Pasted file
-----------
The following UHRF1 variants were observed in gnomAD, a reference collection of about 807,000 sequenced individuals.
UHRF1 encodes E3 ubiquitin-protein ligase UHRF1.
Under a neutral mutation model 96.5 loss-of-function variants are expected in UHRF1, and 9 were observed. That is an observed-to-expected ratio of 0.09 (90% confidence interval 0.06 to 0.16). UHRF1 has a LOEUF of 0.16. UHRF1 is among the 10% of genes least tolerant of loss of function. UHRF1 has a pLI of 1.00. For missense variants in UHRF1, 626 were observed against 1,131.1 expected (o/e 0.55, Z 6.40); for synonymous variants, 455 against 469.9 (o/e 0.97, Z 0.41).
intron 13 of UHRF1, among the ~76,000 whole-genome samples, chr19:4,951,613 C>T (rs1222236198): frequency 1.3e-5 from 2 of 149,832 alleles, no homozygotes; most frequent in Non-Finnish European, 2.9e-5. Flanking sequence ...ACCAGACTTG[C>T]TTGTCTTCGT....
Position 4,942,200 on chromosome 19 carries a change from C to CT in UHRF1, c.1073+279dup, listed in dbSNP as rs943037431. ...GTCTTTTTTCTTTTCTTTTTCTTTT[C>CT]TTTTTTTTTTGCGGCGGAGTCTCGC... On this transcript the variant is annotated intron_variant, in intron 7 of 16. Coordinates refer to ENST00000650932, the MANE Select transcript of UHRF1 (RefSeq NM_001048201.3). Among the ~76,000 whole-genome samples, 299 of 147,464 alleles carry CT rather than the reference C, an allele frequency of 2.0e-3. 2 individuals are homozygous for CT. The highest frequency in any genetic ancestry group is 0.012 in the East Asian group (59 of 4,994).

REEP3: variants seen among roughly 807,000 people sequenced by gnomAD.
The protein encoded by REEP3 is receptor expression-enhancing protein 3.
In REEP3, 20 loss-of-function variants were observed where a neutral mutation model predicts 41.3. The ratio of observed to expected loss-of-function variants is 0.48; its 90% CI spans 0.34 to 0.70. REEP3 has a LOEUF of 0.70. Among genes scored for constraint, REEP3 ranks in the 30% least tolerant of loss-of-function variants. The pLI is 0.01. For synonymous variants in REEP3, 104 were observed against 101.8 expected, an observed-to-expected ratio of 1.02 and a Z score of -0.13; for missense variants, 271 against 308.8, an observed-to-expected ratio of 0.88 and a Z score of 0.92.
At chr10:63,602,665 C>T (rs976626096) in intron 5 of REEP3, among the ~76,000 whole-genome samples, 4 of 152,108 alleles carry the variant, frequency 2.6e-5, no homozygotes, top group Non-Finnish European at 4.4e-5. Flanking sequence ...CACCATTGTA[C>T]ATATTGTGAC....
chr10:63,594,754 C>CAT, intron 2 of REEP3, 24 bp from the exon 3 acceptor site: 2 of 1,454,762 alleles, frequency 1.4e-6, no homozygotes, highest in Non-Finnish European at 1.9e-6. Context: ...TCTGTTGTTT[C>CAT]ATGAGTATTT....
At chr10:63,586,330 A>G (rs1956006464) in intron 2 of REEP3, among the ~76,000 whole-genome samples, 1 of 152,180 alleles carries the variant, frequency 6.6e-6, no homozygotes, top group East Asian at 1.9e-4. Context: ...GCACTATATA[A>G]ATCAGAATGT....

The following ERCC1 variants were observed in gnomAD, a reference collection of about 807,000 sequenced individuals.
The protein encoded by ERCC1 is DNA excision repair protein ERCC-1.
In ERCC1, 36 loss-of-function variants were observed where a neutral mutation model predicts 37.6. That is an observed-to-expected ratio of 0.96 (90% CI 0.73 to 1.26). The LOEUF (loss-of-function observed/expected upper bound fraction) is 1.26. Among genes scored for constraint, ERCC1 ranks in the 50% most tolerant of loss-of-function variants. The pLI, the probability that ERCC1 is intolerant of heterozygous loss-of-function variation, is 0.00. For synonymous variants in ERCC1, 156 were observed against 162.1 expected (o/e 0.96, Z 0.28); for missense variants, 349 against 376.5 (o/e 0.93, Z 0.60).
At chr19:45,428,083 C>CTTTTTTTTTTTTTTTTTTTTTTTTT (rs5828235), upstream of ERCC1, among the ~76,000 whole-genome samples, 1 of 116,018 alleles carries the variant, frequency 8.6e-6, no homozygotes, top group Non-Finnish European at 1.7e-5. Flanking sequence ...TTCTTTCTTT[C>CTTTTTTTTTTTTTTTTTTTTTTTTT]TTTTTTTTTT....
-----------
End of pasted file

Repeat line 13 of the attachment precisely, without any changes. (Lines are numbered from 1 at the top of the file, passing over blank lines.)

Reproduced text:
The protein encoded by ERCC1 is DNA excision repair protein ERCC-1.